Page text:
Things have gotten ugly again in the TNK, BP divorce. The couple were always uncomfortable under the same roof for years, but the love was lost very quickly following their 2003 marriage. Following BP's announcement on Friday June 1 that it had been approached by a buyer the story that looked like it might end in an amicable separation, but things took a right turn on Tuesday after a Siberian court overturned a previous decision that could make BP liable to $13.6bn in claims from their Russian partners in the Access-Alfa-Renova (AAR) consortium.
Rosneft asks FAS to check shareholder agreement between BP and AAR. Yesterday Vedomosti reported that Rosneft has asked the Federal Antimonopoly Service (FAS) to check TNK-BP Holding's (TNBP RX - Buy) shareholder agreement between AAR and BP for compliance with the principles of healthy competition. Rosneft believes that the agreement interferes with the development of the Russian energy industry.
The claim was brought by AAR in the wake of BP's attempt to do a deal with state-owned oil major Rosneft last year behind its Russian partners' backs, in contravention of the TNK-BP joint venture's shareholder's agreement. AAR claims that they are entitle to the money as compensation for BP's failure to close the share swap deal - a deal that AAR played no small part in bringing down.
The current run in started last month when its Russian chief executive Mikhail Fridman resigned after saying the firm had become unmanageable because of its disputes in a move widely seen as an attempt to force BP out of the joint venture.
Russian oligarchs are past masters at churning regional court decisions and can produce them at will. This one suggests that the members of AAR are once again very upset and intend to make life as difficult as possible for BP if it tries to exit.
The claim was actually brought by a group of no-name shareholders that own a fraction of 1% of TNK-BP, yet feel they have suffered so much from BP's poor deal making ability they are entitled to several billions of dollars in compensation. A judge in the Siberian district of Tyumen dropped the case in November and the shareholders' appeal had been turned down earlier this year - but hey presto: here it is again at an extremely sensitive time for BP.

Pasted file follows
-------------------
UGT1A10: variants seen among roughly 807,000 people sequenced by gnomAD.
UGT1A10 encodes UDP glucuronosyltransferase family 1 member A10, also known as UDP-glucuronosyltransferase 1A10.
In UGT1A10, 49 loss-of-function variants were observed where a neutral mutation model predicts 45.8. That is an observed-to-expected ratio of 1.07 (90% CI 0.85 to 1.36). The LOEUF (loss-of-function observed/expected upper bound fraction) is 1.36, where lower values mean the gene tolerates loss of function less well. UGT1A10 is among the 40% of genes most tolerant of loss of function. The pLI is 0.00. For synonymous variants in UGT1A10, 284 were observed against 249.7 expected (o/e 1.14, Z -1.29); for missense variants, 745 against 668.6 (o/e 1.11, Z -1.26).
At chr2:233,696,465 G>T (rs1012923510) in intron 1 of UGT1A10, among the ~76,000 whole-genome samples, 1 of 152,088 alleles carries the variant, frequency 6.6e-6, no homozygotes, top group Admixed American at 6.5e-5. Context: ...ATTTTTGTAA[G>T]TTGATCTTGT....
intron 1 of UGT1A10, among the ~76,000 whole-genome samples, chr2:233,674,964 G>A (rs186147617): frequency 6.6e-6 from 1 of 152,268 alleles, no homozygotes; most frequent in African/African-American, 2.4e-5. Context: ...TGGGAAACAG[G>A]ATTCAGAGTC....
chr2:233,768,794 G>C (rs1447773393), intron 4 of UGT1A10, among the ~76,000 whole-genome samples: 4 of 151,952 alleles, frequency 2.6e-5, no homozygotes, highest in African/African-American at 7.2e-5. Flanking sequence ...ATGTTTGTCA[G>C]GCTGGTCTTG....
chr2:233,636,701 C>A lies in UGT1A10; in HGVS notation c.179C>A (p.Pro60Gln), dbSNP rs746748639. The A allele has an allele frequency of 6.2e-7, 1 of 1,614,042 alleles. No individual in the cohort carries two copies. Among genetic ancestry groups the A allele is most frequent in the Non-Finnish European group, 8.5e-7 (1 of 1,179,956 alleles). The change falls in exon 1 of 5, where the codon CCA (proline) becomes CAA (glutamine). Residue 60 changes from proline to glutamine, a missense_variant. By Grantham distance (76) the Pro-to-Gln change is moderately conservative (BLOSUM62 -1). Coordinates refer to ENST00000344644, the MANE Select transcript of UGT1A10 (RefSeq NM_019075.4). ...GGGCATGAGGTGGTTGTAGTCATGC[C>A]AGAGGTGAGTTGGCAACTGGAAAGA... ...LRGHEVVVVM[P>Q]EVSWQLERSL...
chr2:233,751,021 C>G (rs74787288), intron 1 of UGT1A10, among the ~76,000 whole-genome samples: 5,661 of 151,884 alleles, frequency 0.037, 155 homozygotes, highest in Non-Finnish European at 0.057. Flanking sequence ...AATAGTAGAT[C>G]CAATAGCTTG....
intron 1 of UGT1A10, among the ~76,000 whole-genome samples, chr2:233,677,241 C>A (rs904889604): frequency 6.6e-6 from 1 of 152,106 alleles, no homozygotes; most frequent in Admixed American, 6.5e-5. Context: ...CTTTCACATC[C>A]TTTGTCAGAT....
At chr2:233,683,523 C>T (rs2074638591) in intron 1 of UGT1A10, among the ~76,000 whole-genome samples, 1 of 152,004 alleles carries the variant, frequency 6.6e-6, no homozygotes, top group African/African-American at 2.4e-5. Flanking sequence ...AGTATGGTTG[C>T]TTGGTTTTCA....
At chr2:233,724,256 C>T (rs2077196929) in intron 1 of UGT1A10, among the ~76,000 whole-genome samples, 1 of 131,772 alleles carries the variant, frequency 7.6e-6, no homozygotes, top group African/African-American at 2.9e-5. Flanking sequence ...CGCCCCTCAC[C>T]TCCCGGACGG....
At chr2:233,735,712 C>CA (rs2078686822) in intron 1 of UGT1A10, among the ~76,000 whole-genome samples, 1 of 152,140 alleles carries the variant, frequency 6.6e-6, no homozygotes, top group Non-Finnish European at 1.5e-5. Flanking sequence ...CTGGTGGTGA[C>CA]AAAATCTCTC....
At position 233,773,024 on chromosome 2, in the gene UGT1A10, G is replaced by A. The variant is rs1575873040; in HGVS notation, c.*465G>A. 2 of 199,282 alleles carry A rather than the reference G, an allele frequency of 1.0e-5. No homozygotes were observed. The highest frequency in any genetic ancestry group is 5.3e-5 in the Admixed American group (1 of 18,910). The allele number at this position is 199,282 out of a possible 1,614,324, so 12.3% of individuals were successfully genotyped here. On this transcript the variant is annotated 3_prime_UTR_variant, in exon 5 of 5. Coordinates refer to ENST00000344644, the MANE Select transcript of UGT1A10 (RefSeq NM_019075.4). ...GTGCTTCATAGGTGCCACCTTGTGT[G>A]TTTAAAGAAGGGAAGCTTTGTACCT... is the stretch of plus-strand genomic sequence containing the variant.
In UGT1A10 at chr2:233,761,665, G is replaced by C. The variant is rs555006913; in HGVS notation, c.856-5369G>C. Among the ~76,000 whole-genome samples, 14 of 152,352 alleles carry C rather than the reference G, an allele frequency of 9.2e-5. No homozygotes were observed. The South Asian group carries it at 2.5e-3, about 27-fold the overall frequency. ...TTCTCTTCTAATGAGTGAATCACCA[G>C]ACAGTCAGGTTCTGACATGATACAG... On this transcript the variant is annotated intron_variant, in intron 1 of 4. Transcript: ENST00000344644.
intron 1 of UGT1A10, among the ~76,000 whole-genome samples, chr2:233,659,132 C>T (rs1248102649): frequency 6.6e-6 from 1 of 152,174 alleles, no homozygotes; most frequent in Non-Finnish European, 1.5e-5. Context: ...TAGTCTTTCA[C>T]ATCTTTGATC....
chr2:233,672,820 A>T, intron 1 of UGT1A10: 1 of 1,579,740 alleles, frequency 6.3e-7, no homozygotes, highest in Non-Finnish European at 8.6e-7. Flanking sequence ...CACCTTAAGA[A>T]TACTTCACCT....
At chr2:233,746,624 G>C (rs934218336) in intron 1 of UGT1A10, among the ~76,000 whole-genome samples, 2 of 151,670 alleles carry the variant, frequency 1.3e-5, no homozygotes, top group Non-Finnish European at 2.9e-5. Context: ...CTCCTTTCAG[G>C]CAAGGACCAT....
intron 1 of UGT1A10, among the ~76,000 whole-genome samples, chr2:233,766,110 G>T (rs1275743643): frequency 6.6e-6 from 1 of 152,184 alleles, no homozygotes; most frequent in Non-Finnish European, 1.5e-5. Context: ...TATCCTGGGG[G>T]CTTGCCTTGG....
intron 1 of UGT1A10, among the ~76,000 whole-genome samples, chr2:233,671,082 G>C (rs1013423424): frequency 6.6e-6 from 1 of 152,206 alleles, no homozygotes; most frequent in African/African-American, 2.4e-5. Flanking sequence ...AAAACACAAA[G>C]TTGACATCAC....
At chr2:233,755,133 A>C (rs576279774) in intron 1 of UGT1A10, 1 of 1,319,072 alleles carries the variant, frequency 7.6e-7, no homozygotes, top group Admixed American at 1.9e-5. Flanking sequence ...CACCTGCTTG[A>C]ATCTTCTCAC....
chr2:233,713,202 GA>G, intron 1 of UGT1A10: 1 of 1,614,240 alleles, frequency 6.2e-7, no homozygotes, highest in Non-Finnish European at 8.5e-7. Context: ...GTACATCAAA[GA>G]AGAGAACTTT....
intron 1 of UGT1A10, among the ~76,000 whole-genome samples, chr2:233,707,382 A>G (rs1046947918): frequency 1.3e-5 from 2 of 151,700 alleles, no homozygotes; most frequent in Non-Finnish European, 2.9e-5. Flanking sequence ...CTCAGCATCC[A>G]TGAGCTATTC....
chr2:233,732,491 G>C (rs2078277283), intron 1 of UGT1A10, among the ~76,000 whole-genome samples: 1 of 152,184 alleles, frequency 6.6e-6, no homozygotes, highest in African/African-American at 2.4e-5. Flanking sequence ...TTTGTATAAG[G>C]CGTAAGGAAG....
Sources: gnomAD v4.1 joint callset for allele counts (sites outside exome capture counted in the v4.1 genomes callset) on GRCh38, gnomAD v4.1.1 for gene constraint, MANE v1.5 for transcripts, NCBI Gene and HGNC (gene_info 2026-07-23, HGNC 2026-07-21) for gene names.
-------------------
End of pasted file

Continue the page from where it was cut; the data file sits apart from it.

The billionaire tycoons behind AAR have denied any connection with these minority shareholders or their claims.
Whatever the motive of the court, this week's Siberian court decision is in effect a gun that AAR can hold to BP's head and make it impossible for the British oil major to sell to anyone other than AAR. The Russian consortium said earlier this week that it was interested in buying BP out of its 50% share of the joint venture, while both Rosneft and Gazprom have publicly said they were not interested in the stake, despite media speculation to the contrary.
The Federal West-Siberian Commercial Court ruled on Monday a repeal of previous rulings, which dismissed as unfounded the claims by TNK-BP minority shareholders that their interests were infringed by BP's failed Arctic shelf development deal with Rosneft, as TNK-BP could have participated in the projects.
BP has denied causing any damage to AAR and said the court decision could be the result of 'corporate news,Ó Kommersant business paper reported on Tuesday. BP lawyer Konstantin Lukoyanov said the court's latest decision could damage Russia's investment climate. 'Today's judgment - casts doubt on the ability of the domestic judicial system to create a predictable and effective legal environment,Ó he said.
Dmitry Chepurenko, a lawyer representing the interests of TNK-BP minority shareholders, said he was satisfied with the court's decision, as 'the case has been sent for a new hearing.Ó
Fridman, said last week that the 50/50 partnership with BP is no longer viable. On Friday, BP announced that it received an unsolicited bid for its stake in TNK-BP, leading to speculation in the media that the bidder might be a state Russian company, such as Rosneft, Rosneftegas or Gazprom. However, representatives of these companies denied having made the bid. This week, AAR announced that the shareholder agreement between the two parties does not allow it to be viewed by a third party, which prevents any shareholder deals with third parties.
Due to the lack of transparency and high uncertainty, it is hard to predict a precise scenario, as there are too many potential variants.
Negative for the name, but risks for TNK-BP Holding are limited. We think that if AAR were to take over control of TNK-BP, the risk of a change in the dividend policy and management in TNK-BP Holding for minority shareholders is limited, thanks to the incentives to redistribute cash via dividends to the parent company, TNK-BP International. If another company takes over control, the risks would be higher, but not as much as the market has priced in for the risk of accelerated investments in Russian refineries or other projects. We have a Buy recommendation on TNK-BP Holding with a target price of $4.0/share.